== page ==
“Yes. It’s said that some souls, when faced with the long walk back down the stairway, refuse. They stay on the stairway, looking for someone who can take their place in the house of the damned.” Upon hearing this, Mary carefully stepped off the stairway, shivering.

“Take their place?” Mary echoed the woman’s words, confused.

“Yes,” the old woman replied, flashing a smile full of rotten teeth, “You see, if someone comes back to the cemetery at night… Well, it’s just an old myth anyways. Best not to worry yourselves over a silly old tale.” The woman stood and began to shuffle away, back up the steps.

“Wait!” Mary followed the woman around a corner, then came back. “She disappeared.” I shook my head, not believing it.

“She probably hid, trying to scare us. What a load of bull!” I rolled my eyes, trying to put on a brave face. Mary would taunt me forever if she knew how frightened I was by that old woman.

“Well, there’s only one way to find out…” Mary was getting that crazy look in her eye again. Trying to divert it, I wildly shook my head.

“Oh, no. No, no, no. I know what you’re thinking, Mary. No.” She looked at me, grinning.

“Why? You scared?” My reaction was immediate denial.

“No!” Glowering, I grumbled, “It’s just stupid, is all.”

“Yeah, right!” Mary laughed. “You’re scared!”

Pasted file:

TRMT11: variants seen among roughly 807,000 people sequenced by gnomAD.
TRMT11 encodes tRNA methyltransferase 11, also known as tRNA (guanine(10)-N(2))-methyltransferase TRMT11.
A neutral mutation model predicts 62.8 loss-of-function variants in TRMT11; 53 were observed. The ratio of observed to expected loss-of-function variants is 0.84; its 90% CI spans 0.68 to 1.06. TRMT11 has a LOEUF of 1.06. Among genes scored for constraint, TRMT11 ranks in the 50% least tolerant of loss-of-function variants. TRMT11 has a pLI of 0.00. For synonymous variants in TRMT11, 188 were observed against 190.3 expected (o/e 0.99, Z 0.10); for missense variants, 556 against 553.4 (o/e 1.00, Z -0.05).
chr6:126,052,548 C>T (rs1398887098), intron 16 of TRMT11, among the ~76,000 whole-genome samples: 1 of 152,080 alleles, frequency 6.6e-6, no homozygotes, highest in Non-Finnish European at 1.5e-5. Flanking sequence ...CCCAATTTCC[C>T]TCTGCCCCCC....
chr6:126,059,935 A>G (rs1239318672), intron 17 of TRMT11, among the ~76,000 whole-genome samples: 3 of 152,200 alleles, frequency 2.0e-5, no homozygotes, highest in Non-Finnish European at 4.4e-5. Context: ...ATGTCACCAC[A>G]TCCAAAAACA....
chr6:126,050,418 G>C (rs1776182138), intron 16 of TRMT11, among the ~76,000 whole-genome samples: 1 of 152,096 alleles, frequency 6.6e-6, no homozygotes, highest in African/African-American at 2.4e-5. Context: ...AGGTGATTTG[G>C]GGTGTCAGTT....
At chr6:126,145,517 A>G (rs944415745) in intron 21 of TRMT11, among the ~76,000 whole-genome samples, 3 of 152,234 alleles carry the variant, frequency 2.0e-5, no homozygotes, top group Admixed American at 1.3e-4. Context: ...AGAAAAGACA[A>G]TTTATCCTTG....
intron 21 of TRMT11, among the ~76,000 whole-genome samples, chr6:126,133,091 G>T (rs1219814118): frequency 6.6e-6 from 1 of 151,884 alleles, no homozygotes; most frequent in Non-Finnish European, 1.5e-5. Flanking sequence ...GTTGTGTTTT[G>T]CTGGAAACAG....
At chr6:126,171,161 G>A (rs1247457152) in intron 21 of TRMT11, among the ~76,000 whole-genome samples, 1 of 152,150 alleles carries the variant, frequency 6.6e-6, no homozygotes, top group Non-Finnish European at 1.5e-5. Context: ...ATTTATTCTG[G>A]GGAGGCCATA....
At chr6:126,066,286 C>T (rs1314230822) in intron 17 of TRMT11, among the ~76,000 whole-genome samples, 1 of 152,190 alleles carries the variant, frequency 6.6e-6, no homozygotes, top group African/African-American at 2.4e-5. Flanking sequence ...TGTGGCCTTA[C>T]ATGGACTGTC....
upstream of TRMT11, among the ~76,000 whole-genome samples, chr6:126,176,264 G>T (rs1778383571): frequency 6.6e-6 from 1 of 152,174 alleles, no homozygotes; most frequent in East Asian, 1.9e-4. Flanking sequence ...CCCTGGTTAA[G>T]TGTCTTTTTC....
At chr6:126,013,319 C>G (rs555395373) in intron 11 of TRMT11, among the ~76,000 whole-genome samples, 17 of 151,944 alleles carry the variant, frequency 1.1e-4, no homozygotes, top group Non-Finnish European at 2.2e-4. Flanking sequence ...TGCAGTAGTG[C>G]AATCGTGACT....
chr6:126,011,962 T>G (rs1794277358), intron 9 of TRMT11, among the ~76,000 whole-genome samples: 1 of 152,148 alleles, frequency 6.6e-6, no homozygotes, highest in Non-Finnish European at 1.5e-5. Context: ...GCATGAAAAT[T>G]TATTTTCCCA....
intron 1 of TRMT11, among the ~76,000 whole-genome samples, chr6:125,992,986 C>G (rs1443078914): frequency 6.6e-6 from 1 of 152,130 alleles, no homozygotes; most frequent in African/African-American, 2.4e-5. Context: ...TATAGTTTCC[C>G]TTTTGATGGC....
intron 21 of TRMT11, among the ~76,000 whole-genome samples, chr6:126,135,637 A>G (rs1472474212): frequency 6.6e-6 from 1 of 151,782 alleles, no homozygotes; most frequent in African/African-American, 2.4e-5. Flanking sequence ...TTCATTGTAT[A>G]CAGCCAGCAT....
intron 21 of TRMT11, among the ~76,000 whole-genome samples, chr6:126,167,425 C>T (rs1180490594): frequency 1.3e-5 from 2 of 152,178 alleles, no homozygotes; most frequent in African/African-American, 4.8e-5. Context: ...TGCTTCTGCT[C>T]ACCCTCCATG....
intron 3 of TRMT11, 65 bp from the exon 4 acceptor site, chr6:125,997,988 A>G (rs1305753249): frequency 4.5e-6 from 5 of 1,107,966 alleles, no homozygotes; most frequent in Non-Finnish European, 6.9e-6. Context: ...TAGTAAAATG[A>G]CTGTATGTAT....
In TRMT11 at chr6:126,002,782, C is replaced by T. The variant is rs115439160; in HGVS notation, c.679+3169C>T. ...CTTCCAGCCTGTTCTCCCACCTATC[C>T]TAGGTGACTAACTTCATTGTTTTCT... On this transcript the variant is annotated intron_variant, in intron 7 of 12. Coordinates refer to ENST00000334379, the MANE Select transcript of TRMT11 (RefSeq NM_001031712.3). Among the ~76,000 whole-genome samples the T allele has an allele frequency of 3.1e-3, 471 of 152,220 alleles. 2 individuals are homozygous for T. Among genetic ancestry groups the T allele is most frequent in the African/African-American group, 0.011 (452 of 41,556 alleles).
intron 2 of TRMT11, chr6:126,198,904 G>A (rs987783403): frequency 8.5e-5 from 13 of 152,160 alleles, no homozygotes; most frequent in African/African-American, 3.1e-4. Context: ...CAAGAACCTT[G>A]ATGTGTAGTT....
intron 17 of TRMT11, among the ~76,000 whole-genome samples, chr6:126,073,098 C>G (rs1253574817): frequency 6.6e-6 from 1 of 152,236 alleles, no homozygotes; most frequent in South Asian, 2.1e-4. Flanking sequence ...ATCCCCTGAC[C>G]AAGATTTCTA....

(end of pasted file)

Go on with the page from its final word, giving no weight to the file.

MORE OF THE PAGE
“I am not!”

“Then prove it!”

“Fine!” I immediately wanted to take the words back, but knew that if I did, I’d never hear the end of it. Sighing resignedly, I mumbled, “Let’s do it.”

How I wish that I had taken those words back.

It was foggy when we came back to the cemetery that night. “It’s dangerous,” I said, “We could, like, trip over a gravestone or something!”

“Shut up and come on,” Mary said, and I had no choice but to follow her. We made our way back to the stairway from memory. Mary didn’t hesitate, stepping on the stairs without question. “See? No ghosts!” She skipped along the bottom step. “La, la, la, you can’t get me!” She giggled, sticking her tongue out at me, and I felt stupid. I put one foot on the step to join her…

And then jerked away as Mary screamed. “It’s hot!” I knew that she couldn’t be faking it – the screams were too real. “It’s hot, it’s hot, it’s hot!” I stared in amazement as smoke appeared from the ground, and a gnarled old hand reached out from the ground and pulled Mary into it. I heard the old woman laugh, and saw her standing on the stairs. Slowly, she shuffled towards me.

“I’m free,” she whispered in my ear, her breath dead and stale. Fear overcame me. With the smell of brimstone and the old woman surrounding me, I fainted.

That was months ago. I woke up in my bed, as if nothing had happened. But when I went to Mary’s house, she was gone. Her mother was frantic, and called the police, but no trace of her was ever found.

I still see her, though. I’ll catch glimpses of her in the mirror, out of the corner of my eye, staring at me. Occasionally I’ll drive to the stairway, and stand at that bottom step during the day, staring at the burnt patch of ground that Mary disappeared into. I’ll hear her screaming my name.

I think she’s lonely. And I think she wants me to join her.